UMEM Educational Pearls

Category: Pediatrics

Title: Septic / Pyogenic Arthritis

Posted: 2/19/2009 by Rose Chasm, MD (Updated: 9/24/2021)
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  • An acute bacterial infection of a joint.
  • Peak incidence in children is younger than 2 years of age.
  • Risk factors:
    • history of trauma
    • preceding URI
    • immunodeficiency
    • hemoglobinopathy
    • Diabetes.
  • Age is the most important determinant of cause.
    • In all age groups, S aureus is the primary organism accounting for more than 50% of cases.
    • Among neonates, enteric gram-negative organisms and group B Streptococcus are the most frequent causes.
    • Group A Streptococcus, S pneumoniae, and K kingae are common causes in children younger than 5 years old.
  • Blood culture, joint fluid aspiration and analysis, gram stain, and culture of fluid is recommended.
  • In pyogenic arthritis, the joint fluid is usually cloudy and has a leukocyte count of at least 50 x 10000/mcL, with a predominance of polymorphonuclear cells, low glucose concentrations, and high protein values.
  • Treatment involves a combination of parenteral antibiotics, surgical drainage, and decompression of the affected joint.
  • All children who have pyogenic arthritis of the hip or shoulder require prompt open surgical drainage and irrigation to prevent permanent joint damage as the increased intra-articular pressure can compromise blood flow resulting in avascular necrosis of the femoral or humeral head and predisposing the patient to dislocations.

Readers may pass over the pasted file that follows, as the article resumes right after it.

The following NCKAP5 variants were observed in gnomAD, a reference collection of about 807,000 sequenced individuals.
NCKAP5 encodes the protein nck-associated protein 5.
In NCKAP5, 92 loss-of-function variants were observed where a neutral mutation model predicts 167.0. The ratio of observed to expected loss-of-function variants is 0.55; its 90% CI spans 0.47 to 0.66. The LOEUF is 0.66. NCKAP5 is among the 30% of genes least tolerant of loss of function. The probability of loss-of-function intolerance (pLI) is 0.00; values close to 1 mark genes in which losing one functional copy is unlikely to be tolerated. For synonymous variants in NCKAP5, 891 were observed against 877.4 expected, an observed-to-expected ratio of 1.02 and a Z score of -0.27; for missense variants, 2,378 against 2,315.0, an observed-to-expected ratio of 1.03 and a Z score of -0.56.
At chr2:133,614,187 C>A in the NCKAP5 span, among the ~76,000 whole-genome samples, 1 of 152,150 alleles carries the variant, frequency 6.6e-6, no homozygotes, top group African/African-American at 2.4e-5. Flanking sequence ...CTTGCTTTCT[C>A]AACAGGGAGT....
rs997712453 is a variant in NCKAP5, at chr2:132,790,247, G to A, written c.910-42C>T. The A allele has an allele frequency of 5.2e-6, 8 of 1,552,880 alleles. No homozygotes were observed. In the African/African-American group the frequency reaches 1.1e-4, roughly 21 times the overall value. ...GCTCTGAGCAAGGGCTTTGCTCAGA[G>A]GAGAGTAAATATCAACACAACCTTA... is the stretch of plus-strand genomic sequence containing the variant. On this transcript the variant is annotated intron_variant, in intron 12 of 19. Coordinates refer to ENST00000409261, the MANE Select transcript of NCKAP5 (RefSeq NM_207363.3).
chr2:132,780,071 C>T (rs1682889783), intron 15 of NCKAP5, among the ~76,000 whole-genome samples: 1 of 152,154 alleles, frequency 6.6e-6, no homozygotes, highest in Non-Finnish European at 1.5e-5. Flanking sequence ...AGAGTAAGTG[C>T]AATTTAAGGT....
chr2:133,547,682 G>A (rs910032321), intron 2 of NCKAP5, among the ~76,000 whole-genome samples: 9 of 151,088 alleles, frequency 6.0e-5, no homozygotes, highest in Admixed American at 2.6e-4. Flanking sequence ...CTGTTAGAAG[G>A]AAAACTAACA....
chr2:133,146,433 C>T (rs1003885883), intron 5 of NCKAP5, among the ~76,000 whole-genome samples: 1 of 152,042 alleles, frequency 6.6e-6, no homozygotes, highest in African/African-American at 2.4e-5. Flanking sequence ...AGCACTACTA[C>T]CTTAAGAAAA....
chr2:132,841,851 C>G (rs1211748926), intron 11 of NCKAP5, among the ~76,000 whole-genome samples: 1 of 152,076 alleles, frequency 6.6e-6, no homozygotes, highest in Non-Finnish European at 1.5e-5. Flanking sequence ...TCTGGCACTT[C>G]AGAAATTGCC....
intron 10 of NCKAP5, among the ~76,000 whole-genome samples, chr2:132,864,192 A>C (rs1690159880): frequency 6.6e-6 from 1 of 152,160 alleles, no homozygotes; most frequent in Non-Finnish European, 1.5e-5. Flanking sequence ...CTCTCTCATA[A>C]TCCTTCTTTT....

• Open surgical drainage of other joints usually is not required.


Krogstad P. Osteomyelitis and septic arthritis. In: Feigin RD, Cherry JD, Demmler GJ, Kaplan SL, eds. Textbook of Pediatric Infectious Diseases. Philadelphia, Pa: WB Saunders Co; 2004713-736.

Tan TQ. Osteomyelitis and septic arthritis. In: Perkin RM, Swift JD, Newton DA, eds. Pediatric Hospital Medicine: Textbook of Inpatient Management. Philadelphia, Pa: Lippincott Williams & Wilkins; 2003:497-500.

Yagupsky P, Bar-Ziv Y, Howard CB, Dagan R. Epidemiology, etiology, and clinical features of septic arthritis in children younger than 24 months. Arch Pediatr Adolesc Med. 1995; 149:537-540.